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Showing posts with the label management theory

Traits of Leadership over a Lifetime

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Life has it stages and leadership skills move through those stages with the person. As people change and grow there will be different emphasis on leadership skills as challenges are mastered and new knowledge presented. Despite the changes of life there are some similarities across the stages that run the course throughout a lifetime (Nelson, Schroeder & Welpman, 2014).  In the beginning of a leader’s life rudimentary skills form in the home and create a foundation for leadership. As life continues this framework is used as a place where new knowledge is learned, incorporated, and then utilized to achieve goals. The process of learning, challenging and developing continues throughout a person’s career.  Leaders are unique creatures when compared to many other people. They are always seeking to develop and grow regardless of the circumstances they are in. Even though the stages of their life change they seem to hold consistent characteristics that continue to push them to

Leadership Through Stakeholder Collaboration

Leadership is a necessary component of moving groups from one performance level to another. Leaders provide a focal point for collective action, a voice to the will of the people and decision-making capacity when problems arise. Responsible leaders are able to bring stakeholders together to accomplish some important goal. This isn’t possible without considering the multiple stakeholders in any worthwhile activity. According to Doh & Quigley (2014) leaders are able to use psychological and knowledge-based pathways to impact micro/individual, team, organizational, and societal outcomes. Such leaders have the personal capacity to see how daily activities can impact larger groups of stakeholders to create higher levels of impact. Responsible leaders can impact organizational processes and outcomes to achieve goals. Consider the different types of stakeholders interested in an organization and the levels by which these can be categorized. The individual worker has a stake in term

Are Satisfied Employees Less Willing to Help Others?

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Organizations can be regarded as a system of relationships between individuals. Social exchange theory (e.g. Cropanzano & Mitchell, 2005) provides a general framework to understand these relationships, arguing that positive interactions are likely to increase cooperation among individuals in organizations. While there is much information about how cooperative relationships evolve, far less is known about how these relationships affect each other. Now, taking into account that employees have multiple relationships as they are dealing with coworkers and with supervisors, the question is whether cooperation in one direction may affect cooperation in the other.  From an organizational perspective, career systems may be viewed as a means to create cooperative relationships with employees. At the same time, however, they can reduce cooperation among coworkers as they will compete for higher positions. This mechanism was found in a study among Dutch organizations: the more satisfied emp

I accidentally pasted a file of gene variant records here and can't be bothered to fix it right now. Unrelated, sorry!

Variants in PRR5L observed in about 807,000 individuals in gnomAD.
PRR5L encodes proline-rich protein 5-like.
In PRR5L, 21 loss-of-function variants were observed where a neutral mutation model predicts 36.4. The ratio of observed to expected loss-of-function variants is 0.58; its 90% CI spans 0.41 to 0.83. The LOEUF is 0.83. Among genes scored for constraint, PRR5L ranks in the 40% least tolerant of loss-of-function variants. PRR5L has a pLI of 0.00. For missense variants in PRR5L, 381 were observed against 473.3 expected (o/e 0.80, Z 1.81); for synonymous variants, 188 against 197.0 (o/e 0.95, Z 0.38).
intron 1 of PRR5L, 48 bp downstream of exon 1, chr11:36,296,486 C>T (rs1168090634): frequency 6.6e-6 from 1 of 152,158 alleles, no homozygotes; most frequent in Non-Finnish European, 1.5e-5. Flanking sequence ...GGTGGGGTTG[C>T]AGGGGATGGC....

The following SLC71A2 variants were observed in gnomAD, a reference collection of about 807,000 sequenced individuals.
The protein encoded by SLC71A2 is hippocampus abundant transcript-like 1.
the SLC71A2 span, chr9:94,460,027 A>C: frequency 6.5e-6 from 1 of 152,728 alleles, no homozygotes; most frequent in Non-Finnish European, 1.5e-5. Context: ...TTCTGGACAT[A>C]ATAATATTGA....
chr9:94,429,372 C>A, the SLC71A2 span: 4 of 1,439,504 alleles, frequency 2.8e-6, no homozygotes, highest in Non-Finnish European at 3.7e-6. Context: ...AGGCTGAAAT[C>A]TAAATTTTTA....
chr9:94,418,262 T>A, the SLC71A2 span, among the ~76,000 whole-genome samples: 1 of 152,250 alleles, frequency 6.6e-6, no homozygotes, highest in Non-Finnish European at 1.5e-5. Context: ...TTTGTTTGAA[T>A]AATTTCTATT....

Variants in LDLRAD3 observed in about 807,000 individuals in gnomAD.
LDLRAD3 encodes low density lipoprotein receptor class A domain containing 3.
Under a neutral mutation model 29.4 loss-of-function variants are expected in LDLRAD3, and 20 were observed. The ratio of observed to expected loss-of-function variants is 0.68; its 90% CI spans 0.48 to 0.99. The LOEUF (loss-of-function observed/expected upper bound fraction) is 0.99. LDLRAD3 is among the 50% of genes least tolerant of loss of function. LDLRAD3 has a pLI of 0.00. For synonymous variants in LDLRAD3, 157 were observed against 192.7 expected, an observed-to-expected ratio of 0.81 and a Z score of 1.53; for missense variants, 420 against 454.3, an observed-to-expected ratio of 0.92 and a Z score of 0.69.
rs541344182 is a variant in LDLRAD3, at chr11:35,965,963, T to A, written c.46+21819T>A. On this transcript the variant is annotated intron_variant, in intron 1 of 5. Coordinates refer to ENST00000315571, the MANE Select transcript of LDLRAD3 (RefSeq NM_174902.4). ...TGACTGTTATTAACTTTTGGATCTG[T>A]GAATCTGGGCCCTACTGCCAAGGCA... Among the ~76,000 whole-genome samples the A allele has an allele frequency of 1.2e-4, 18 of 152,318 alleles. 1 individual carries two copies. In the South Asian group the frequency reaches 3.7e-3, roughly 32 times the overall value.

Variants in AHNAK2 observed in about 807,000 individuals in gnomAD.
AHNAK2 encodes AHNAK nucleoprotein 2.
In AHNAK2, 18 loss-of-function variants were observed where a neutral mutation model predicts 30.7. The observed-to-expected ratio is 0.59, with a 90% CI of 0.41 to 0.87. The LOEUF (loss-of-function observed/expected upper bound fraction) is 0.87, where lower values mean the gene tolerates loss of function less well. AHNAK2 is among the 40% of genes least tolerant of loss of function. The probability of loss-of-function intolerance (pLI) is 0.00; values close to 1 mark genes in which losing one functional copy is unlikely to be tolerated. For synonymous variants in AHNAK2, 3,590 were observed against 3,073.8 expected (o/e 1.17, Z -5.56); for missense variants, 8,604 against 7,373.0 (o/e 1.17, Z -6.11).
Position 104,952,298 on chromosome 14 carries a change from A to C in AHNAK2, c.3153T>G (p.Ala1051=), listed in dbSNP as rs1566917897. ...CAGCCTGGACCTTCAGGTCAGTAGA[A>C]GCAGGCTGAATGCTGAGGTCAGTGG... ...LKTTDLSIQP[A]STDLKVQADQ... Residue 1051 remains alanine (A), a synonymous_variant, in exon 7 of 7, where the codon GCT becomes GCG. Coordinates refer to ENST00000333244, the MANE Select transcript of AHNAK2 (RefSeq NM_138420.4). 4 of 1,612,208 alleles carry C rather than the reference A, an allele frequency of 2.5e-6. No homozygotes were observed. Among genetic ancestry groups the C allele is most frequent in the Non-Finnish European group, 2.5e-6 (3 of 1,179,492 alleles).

Growing Global Brands-Understanding International Culture

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artwork by Dr. Murad Abel With pressed three piece suits and blazing red ties they look out over the ocean and wonder just how far they need to travel to sell products in lands yet untapped. It wasn’t long ago they built towers where their grandfathers once tilled tobacco, corn, and beans. The montblanc pens are not yet dry but the ideas have long been spent. Just beyond their reach, opportunities again bound but the paths are now covered in asphalt trails that lead back to where brick and mortar ends. Just beyond that wall is something new, a place to gain footing, a vine perhaps that is hardy enough to tow products world round.   Once again the good times could roar if shined shoes are scuffed in the knee deep fields of prosperity.    Executives seek once again to find new opportunities to grow their businesses and create expanding opportunities. The global marketplace requires new theoretical lenses that are much sharper than the theories of the past. Global product posi

The Bounded Rationality of Stakeholder Theory

Stakeholder Theory is an organizational management perspective that attempts to defined the nature and purpose of firms/corporations within society. According to its founder Milton Friedman, the purpose of a firm is embedded almost exclusively in the production of wealth for shareholders (Friedman, 1970). Since this time, the concept of stakeholder has been expanded to include the idea that other entities have a particular stake, or interest, in the organization and can influence its success or failure. The theory defines who are the stakeholders in an organization and their rights and obligations to the shareholders as well as society in general. The root of the theory is based off of the premise that its purpose is the, " identification of moral or philosophical guidelines for the operation and management of the corporation " (Donaldson & Preston, 1995). The theory helps to foster the understanding that the needs of the owners should be realized first before other con